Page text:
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Judge in Paxton case prefers Collin County venue, but won’t commit

By   /   February 16, 2017  /   News  /   No Comments

Part 17 of 16 in the series The Problematic Paxton Prosecution

The judge in the fraud case of Texas Attorney General Ken Paxton said Thursday he would prefer to keep the trial in Collin County, but did not commit to doing so.

“The court plans to keep the case in Collin County but will keep publicity under advisement,” visiting Tarrant County Judge George Gallagher said. The court would, he said, “at least try to choose a jury here.”

Gallagher’s comments came at the end of an almost two-hour hearing focusing on allegations that Paxton allies were trying to taint the local jury pool.

“I’m not concerned,” special prosecutor Kent Schaffer said after the hearing. “The judge will make the decision that he believes to be right. We’re going to try the case wherever it goes. … He could decide anything. This is his deal.”

AP File Photo/Eric Gay

VENUE UNDETERMIND:  In this July 29, 2015, file photo, Texas Attorney General Ken Paxton speaks during a hearing in Austin, Texas. The judge in Paxton’s fraud case has not decided if the trial will be moved out of Collin County.

Paxton’s team expressed a preference, but not much else.

“We really want to try the case here in Collin County,” lead Paxton attorney Dan Cogdell told reporters before exiting the courthouse. “The more I say, the less likely it is.”

Prosecutors aren’t backing down from their claim Paxton allies are trying to bias potential jurors. But the three witnesses they called in an attempt to support that claim all denied the charge.

CBS 11 reporter J.D. Miles said he was told by former Pennsylvania Republican Sen. Rick Santorum in early February the Paxton case was a political witch hunt. Miles told the court he was contacted by Jeff Blackard on Feb. 2 about talking to Santorum, then spoke with the two-time presidential candidate the next day. Blackard is the Collin County taxpayer who filed suit to stop hundreds of thousands of dollars in payments to the special prosecutors, alleging that the size of the payments violates state law.

Miles said he did not talk with Paxton or a formal representative of his legal team.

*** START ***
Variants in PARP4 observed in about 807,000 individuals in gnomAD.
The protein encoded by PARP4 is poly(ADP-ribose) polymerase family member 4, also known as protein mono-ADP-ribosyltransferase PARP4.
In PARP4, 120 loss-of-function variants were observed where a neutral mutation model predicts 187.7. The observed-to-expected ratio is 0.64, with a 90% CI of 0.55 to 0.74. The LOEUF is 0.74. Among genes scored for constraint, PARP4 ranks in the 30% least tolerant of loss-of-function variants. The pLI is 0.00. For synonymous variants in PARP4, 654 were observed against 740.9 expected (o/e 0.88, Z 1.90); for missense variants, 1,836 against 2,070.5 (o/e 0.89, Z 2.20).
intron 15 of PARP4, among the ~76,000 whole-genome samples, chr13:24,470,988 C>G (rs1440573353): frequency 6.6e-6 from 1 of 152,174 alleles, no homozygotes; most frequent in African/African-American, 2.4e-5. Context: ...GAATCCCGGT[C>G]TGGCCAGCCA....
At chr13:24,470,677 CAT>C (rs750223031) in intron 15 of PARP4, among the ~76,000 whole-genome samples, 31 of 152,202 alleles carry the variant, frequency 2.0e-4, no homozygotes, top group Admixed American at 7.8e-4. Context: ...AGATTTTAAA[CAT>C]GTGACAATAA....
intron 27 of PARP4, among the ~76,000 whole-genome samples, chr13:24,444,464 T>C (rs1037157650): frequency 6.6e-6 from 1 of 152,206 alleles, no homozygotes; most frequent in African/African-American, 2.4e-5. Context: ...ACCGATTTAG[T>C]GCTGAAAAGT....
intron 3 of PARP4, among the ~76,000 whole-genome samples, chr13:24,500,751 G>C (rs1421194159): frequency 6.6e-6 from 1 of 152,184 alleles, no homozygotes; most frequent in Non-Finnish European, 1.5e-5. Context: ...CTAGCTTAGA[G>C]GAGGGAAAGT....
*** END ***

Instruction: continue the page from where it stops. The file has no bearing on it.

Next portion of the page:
“I’m not part of any conspiracy or know about one,” he told Gallagher, while also denying that he tried to taint the jury pool. Miles also testified that probably 120,000 people saw his Santorum story on TV, while about 1,400 people had looked at the interview on CBS 11’s website. He could not say if any of them were among the 850,000 residents of Collin County.

The special prosecutors challenged Miles’ characterization.

“It’s not a coincidence that Jeff Blackard, who has sued us on behalf of every taxpayer in this county to shut us down and defund and derail this prosecution, calls up J.D. Miles to bring in his A-list buddy, Rick Santorum,” special prosecutor Brian Wice said after the session.

Former Houston TV reporter Wayne Dolcefino, who provided Watchdog.org with a copy of a Texas Rangers investigation report of Paxton’s alleged activities, also testified.

Dolcefino told the court he made the report public because he believed it fell under the state’s Public Information Act. He also denied trying to taint the Collin County jury pool, and said if he wanted to do that, he’d would have given the report to journalists in the Dallas-Fort Worth Metroplex. Dolcefino testified he made the information public because no one was talking about the Rangers’ investigation, which he thought was “flimsy.”

He said the report would not have been released if he’d known it was illegal, and immediately told Cogdell what happened. Cogdell then told Gallagher. The judge said Cogdell wasn’t at fault.

Tom Dailey, business manager at Cumulus Media, whose radio stations aired six ads last fall highlighting Watchdog.org coverage of the Paxton case, testified that he didn’t know how many people heard the ads. He also said he had no idea whether Paxton had any involvement in the ads’ production.

One thing was settled Thursday. Prosecutors said Paxton will be tried separately on the two counts; first on the third-degree felony for not registering as a lobbyist, then on the first-degree securities fraud charges.

“The failure to register will take a couple days to try,” Schaffer said. “The securities fraud trial could take several weeks. It’s a lot more complex case.”

Defense attorneys said they preferred that the cases be tried together.

The first trial is scheduled for May 1, but that could slip if the judge rules that a change of venue is required.

Part of 16 in the series The Problematic Paxton Prosecution

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